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Posted: Mar 26, 2013
FinFET with the world's smallest characteristics variability
(Nanowerk News) Takashi Matsukawa and Meishoku Masahara and others, Silicon Nano-Device Group, the Nanoelectronics Research Institute of the National Institute of Advanced Industrial Science and Technology (AIST), have developed a prototype of a 14 nm-generation 3D transistor (FinFET) with the world’s smallest variability of characteristics (Fig. 1 left)
Figure 1: Low-variability FinFET prototype (left) and a comparison with past reports on characteristics variability intensity (right).
A primary cause of the characteristics variability in a FinFET is the variability of physical properties of the metal gate electrode material. An amorphous metal material for the gate electrode that has a small variability of physical properties has been developed and the prototype FinFET with the world’s smallest characteristics variability was fabricated using the material. With integrated circuits beyond the 14 nm generation, including SRAMs (static random access memories), major issues have been the hindrance to performance improvement and the reduction in yields, both due to the characteristics variability of elements. The present results are expected to contribute to solving these issues.
Details of this technology have been presented at the 2012 International Electron Devices Meeting (IEDM 2012) held in San Francisco, U.S.A., from December 10 to 12, 2012.
Social Background of Research
Until now, the performance improvement and the integration scale increase of silicon integrated circuits have been achieved by miniaturizing the transistors, which are the smallest elements of these circuits. The miniaturization of transistors is also linked to cost reduction, and thus fierce competition to develop more miniaturized transistors continues. However, in the technology used for the 14 nm-generation transistor, which is expected to be in production after 2017, there will be issues with variability of characteristics among transistor elements due to their small size. There is concern about the hindrance to the performance improvement of products and the reduction in yields. In particular, SRAMs, which occupy more than 50 % of the area of system LSIs (large-scale integrated circuits) and microprocessors, can be easily affected by the variability of characteristics owing to the intensive use of smallest transistors in their circuits. For these reasons, there is strong need to develop miniaturized transistors with small characteristics variability.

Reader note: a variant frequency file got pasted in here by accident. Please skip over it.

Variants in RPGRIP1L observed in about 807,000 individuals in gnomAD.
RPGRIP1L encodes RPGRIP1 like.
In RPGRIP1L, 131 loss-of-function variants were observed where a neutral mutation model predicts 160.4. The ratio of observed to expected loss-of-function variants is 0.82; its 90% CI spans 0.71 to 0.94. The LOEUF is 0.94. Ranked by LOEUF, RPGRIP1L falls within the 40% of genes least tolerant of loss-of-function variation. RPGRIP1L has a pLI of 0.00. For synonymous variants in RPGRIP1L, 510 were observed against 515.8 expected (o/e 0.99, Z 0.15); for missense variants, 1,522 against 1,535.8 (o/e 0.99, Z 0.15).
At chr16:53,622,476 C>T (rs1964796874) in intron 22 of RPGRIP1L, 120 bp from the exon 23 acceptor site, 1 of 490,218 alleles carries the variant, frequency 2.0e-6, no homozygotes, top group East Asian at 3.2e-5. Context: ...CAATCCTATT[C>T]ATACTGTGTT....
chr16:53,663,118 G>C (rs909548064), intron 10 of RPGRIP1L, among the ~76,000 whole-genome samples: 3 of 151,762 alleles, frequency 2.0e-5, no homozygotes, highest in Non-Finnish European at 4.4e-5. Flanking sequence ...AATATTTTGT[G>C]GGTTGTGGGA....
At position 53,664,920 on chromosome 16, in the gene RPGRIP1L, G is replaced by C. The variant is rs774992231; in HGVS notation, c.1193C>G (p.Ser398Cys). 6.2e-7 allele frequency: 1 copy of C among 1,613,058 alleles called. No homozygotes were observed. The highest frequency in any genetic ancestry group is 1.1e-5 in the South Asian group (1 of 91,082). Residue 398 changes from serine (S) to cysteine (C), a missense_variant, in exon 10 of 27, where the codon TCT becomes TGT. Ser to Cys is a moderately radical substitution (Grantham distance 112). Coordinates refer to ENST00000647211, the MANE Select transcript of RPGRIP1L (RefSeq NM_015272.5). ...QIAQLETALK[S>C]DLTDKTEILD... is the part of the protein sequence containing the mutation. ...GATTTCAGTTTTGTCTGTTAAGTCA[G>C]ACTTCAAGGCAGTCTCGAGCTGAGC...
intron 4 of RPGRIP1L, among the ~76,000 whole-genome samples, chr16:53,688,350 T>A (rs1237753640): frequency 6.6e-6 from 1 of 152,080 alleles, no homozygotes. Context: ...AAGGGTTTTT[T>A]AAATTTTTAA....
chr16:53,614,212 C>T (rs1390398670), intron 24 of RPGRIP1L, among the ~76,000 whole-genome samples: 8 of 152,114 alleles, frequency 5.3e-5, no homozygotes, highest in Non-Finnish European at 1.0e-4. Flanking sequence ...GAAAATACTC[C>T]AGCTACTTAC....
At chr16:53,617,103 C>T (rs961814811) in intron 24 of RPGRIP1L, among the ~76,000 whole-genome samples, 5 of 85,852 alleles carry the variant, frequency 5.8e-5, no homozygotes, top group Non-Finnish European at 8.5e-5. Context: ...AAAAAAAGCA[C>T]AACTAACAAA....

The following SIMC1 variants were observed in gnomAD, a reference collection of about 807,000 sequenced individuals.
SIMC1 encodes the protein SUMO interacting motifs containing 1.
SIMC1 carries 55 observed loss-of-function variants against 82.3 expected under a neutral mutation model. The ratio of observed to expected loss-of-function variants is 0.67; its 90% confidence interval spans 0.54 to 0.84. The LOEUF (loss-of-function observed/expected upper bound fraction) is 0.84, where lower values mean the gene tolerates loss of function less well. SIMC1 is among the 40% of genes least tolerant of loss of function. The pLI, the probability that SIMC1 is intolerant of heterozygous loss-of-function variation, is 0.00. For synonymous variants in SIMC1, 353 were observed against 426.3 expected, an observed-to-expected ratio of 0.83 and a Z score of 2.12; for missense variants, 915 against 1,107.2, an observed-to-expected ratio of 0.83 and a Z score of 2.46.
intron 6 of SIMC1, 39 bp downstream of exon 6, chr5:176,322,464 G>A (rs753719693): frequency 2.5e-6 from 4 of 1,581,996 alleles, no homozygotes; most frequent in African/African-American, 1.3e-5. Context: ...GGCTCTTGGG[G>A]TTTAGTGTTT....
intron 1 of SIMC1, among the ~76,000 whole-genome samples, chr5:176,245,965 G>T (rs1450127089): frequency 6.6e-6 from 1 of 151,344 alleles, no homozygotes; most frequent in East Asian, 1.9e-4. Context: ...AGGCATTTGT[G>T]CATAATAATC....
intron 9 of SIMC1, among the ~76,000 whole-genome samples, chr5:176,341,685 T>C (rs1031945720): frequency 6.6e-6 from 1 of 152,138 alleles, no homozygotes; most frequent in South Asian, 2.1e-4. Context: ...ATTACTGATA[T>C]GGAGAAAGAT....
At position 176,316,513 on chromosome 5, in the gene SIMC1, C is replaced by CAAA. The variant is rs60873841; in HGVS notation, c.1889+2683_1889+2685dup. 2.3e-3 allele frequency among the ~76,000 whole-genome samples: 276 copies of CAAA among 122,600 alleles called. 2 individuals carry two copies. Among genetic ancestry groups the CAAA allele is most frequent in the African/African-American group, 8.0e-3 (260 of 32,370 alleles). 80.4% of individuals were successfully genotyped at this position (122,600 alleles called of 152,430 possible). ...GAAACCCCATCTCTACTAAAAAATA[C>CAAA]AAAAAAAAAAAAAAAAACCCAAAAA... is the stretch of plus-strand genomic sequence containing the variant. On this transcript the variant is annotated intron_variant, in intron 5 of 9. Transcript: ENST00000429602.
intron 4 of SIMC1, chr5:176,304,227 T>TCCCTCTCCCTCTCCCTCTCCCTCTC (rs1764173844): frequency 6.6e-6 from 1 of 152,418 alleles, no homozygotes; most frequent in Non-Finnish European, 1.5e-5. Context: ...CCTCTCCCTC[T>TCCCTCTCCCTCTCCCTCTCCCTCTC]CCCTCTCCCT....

History of Research
AIST has been conducting research in transistors with new structure called FinFETs that have a three-dimensional structure. In addition, AIST proposed a four-terminal FinFET to electrically control the parameter of the transistor, and it demonstrated the operation of this transistor in 2003. Furthermore, AIST proposed that the variability of physical properties of the metal gate electrode material was a new factor affecting the characteristics variability of FinFETs in 2008. This was followed by the proposal of a new transistor-manufacturing technology that enabled the reduction of the variability of physical properties. AIST also identified the primary factor causing the variability of on-state current in 14 nm-generation FinFETs (AIST press release on December 8, 2011). AIST has since been continuing its research and development efforts to suppress the variability of characteristics in FinFETs.
This research was conducted as part of the project “Technology Development of New Nanoelectronics Semiconductor Materials and New-Structure Nanoelectronic Devices” (FY2009 - 2011) commissioned by the New Energy and Industrial Technology Development Organization.
Details of Research
Characteristics variability, which has become significant in miniaturized transistors, is mainly classified into two types, manifesting itself as off-state current variability and on-state current variabitity and having adverse effects on the performance of integrated circuits. The variability of off-state current exponentially increases the off-state current of some of transistors in an integrated-circuit chip relative to the design value, thus dramatically increasing the standby power consumption of the entire chip. Further, because the operational speed of an integrated circuit is limited by the transistor having the lowest on-state current in the integrated circuit, the variability of on-state current reduces the operational speed of the circuit to lower than the design value. In other words, the advancement in the miniaturization of transistors has been accompanied by serious problems, such as operational speed has not increased while power consumption has.